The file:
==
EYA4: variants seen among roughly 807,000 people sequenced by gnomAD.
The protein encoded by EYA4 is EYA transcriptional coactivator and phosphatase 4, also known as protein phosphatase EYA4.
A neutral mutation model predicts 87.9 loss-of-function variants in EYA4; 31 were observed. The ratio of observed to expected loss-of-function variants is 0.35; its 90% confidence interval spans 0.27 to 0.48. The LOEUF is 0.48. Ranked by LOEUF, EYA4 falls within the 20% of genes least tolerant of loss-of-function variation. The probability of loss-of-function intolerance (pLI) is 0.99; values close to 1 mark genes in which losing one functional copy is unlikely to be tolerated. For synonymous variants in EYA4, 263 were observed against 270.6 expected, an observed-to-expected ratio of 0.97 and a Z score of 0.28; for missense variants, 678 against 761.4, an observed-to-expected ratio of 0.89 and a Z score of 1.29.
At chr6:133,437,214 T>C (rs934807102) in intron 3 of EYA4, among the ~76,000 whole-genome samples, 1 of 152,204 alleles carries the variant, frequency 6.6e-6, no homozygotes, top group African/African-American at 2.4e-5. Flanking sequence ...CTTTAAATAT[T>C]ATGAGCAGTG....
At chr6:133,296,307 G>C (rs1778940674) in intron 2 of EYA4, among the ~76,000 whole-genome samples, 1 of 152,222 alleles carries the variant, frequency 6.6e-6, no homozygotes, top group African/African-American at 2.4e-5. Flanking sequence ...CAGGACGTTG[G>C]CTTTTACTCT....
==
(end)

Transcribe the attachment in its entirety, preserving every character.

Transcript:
EYA4: variants seen among roughly 807,000 people sequenced by gnomAD.
The protein encoded by EYA4 is EYA transcriptional coactivator and phosphatase 4, also known as protein phosphatase EYA4.
A neutral mutation model predicts 87.9 loss-of-function variants in EYA4; 31 were observed. The ratio of observed to expected loss-of-function variants is 0.35; its 90% confidence interval spans 0.27 to 0.48. The LOEUF is 0.48. Ranked by LOEUF, EYA4 falls within the 20% of genes least tolerant of loss-of-function variation. The probability of loss-of-function intolerance (pLI) is 0.99; values close to 1 mark genes in which losing one functional copy is unlikely to be tolerated. For synonymous variants in EYA4, 263 were observed against 270.6 expected, an observed-to-expected ratio of 0.97 and a Z score of 0.28; for missense variants, 678 against 761.4, an observed-to-expected ratio of 0.89 and a Z score of 1.29.
At chr6:133,437,214 T>C (rs934807102) in intron 3 of EYA4, among the ~76,000 whole-genome samples, 1 of 152,204 alleles carries the variant, frequency 6.6e-6, no homozygotes, top group African/African-American at 2.4e-5. Flanking sequence ...CTTTAAATAT[T>C]ATGAGCAGTG....
At chr6:133,296,307 G>C (rs1778940674) in intron 2 of EYA4, among the ~76,000 whole-genome samples, 1 of 152,222 alleles carries the variant, frequency 6.6e-6, no homozygotes, top group African/African-American at 2.4e-5. Flanking sequence ...CAGGACGTTG[G>C]CTTTTACTCT....